In past Eden Prairie Local News articles, Eden Prairie Muslim Pakistanis have praised American openness and at the same time clung to a number of traditional Pakistani values and Eden Prairie Russian-Americans have loved America and yet treasured their Russian heritage.
Numerically, the Pakistanis and Russians are small parts of the Eden Prairie population. Continuing a push to know Eden Prairie, what is the pattern for the much larger ethnic group of Swedish Lutherans?
Ole Olsson might not be the manager of your friendly Eden Prairie grocery store, and your shopping cart might not just miss colliding with a cart pushed by Lena Eriksson, but the Statistical Atlas tells us that about 5,000 Eden Prairie residents are Swedish.
In a recent interview, Pastor Rod Anderson confirmed that most likely those thousands of Swedish-Americans are also Lutheran.
Pastor Anderson served Eden Prairie’s Saint Andrew Lutheran Church for 34 years, helping the church to grow to a congregation of over 10,000. He notes that he is “100% Swedish.” He acknowledges serving on Eden Prairie’s PROP food pantry and the city’s Foundation, in addition on the boards of Gustavus Adolphus College and the Minneapolis-based American Swedish Institute.
Pastor Anderson sees three levels of involvement in the Swedish population.
First (and somewhat subtle) is the level of institutions. Swedish immigrants created institutions for educating pastors and for caring for their communities. They built churches, hospitals, and colleges. Now these institutions are a backdrop in Minnesota.
Pastor Anderson goes on to note the level of community. He tells us Swedish Lutherans were actually late to arrive in Eden Prairie. Early residents of Eden Prairie were Irish, Scottish, Presbyterian and Methodist. It is places like Spring Garden Church in Cannon Falls, Minn., and Vasa Church in Welch, Minn., that hold Swedish midsummer festivals.
Pastor Anderson acknowledges that his Swedish parents’ generation typically stayed among themselves and married among themselves. “My generation going forward, not so much.”
For the pastor, the third level is family. While he sees little overt Swedishness in Eden Prairie, he does see families that display dala wooden horses and families that join together to make lutefisk or lefse. The Christmas holiday brings out many of these family traditions.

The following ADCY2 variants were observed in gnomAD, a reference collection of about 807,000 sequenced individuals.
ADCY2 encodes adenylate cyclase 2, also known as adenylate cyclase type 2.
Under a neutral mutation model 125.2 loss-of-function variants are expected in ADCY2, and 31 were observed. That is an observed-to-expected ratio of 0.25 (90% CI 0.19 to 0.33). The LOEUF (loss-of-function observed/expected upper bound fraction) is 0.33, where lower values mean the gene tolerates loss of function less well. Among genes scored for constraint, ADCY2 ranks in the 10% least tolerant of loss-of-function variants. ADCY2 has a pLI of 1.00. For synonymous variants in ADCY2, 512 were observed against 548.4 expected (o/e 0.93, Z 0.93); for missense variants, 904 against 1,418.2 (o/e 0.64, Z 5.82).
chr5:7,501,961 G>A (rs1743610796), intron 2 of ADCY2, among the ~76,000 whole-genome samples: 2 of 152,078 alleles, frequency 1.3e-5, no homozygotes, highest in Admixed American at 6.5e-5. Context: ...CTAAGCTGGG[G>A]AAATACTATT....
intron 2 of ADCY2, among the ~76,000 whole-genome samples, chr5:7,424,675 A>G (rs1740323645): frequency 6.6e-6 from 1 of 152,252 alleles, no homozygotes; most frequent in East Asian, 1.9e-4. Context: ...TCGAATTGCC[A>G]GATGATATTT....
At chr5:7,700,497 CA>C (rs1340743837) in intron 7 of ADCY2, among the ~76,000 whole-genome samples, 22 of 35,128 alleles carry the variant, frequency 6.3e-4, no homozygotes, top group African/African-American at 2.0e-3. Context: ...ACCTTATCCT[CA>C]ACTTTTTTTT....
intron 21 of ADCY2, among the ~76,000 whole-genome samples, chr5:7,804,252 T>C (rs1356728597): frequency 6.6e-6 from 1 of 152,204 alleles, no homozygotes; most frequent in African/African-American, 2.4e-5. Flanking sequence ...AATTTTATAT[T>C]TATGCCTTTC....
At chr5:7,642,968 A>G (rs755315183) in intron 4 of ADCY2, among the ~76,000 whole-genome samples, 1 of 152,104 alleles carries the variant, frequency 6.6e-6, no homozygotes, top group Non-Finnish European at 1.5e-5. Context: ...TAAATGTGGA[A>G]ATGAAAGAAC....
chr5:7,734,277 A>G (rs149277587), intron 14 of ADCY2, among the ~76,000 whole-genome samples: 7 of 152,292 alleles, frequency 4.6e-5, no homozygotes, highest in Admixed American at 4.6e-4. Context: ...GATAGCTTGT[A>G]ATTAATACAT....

A younger generation
Sheryl Keeley, a younger Eden Prairie Swedish Lutheran, sees community Swedishness as “so diluted now.”
“Not at my age level,” she said when asked if Eden Prairie Swedes have a group identity.
She laughingly recalls that her grandfather changed his name from Magnusson with two s’s to Magnuson with one ‘s’ so that he would seem less Swedish.
She notes that the Christmas holiday and area sports seem to bring out whatever Swedishness there is in Eden Prairie.
Many otherwise assimilated Eden Prairie residents are aware that there are a couple of Swedes on the Wild hockey team.
Keeley herself is, however, a contradiction.
She has now studied the Swedish language at the American Swedish Institute for five years. Her oldest son studied in Denmark leading up to an internship at Volvo in Sweden.
She has traveled to Sweden three times. Her youngest son is also aiming at an internship at Volvo.
“I love my Swedish heritage,” she said. “I am able to connect with my family in Sweden. I make it a point to carry on Swedish food traditions.”
Ever the purist, she notes that lutefisk and lefse are “actually more Norwegian.”
In high school, she got to be good friends with an exchange student from Sweden. For a long time, she “felt compelled” to write letters to relatives in Sweden.
Her grandfather’s first cousin was the only relative to reply. From that point there was an extended correspondence.
After many years, she hosted an exchange student from Sweden — the daughter of the Swedish exchange student she had befriended in high school.
Keeley says her intense Swedishness is very fulfilling.
It seems that while small ethnic groups like Pakistanis and Russians proudly cling to their traditions, a larger ethnic group like the Eden Prairie Swedes eases into being thoroughly American-ized.
Keeley’s lifestyle and choices suggest, however, that well below the surface, the pull of ancestry can be very strong, almost addictive. Yes, there is a feeling of fulfillment, of completeness.
And she does seem to be having a lot of fun.
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